The Trojan hero Aeneas, made famous by Virgil’s epic poem, has been the subject of ancient texts and art going as far back as Homer.
It’s the end of the year. You might think the world is awful and getting worse. But that isn’t the case. In fact, it’s great and only getting better.
A small agate decorated with a battle-scene, recovered from the so-called “Griffin Warrior” tomb in Pylos (Greece), has been hyped up for the wrong reasons.
In the tenth book of the Iliad, Diomedes and Odysseus embark on a covert mission to spy on the Trojans.
A fun two-player card game that is quick to setup and play, with a Greek mythological theme packed with references to the Homeric epics.
American heavy metal band Symphony X wrote an epic song inspired by the Homer’s The Odyssey.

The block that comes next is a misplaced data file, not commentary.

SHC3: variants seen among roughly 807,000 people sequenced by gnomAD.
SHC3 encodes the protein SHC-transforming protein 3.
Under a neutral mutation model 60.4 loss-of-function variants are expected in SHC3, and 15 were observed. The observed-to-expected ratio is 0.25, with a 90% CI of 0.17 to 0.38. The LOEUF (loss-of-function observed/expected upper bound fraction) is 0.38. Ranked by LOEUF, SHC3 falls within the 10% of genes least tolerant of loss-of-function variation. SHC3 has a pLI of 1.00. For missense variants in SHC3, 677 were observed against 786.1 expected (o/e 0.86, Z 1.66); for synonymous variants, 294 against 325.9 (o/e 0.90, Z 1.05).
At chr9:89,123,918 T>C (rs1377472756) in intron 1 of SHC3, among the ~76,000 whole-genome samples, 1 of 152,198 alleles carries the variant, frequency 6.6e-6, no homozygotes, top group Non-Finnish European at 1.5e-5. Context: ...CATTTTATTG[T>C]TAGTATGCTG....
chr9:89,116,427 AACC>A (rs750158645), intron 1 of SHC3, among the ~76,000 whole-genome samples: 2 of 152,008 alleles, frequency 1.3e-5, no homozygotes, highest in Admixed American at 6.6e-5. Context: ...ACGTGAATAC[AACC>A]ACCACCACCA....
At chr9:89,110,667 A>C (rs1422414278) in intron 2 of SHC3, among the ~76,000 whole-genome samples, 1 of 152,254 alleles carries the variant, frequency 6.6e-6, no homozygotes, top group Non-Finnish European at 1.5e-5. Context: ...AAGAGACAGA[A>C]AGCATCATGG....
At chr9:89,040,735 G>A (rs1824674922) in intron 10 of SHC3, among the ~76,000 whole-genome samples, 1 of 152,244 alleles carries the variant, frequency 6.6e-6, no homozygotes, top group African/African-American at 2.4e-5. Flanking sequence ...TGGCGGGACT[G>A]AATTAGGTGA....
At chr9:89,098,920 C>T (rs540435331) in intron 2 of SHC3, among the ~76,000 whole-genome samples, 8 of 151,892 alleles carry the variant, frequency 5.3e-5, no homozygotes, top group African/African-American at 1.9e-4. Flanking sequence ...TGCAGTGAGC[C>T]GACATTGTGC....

A justifiably admired passage from the Iliad, Homer’s epic poem, emphasizes how life is short and therefore precious.
Deliberate or not, elements of Mad Max: Fury Road remind one of the story of the Trojan War. It’s primal, aggressive, and epic. (It’s also a bloody good film.)
How do the worlds created by Homer in his epic poems relate to historical and archaeological realities?
Currently, the soccer World Cup is going on: a good opportunity to write about ancient Greek sports.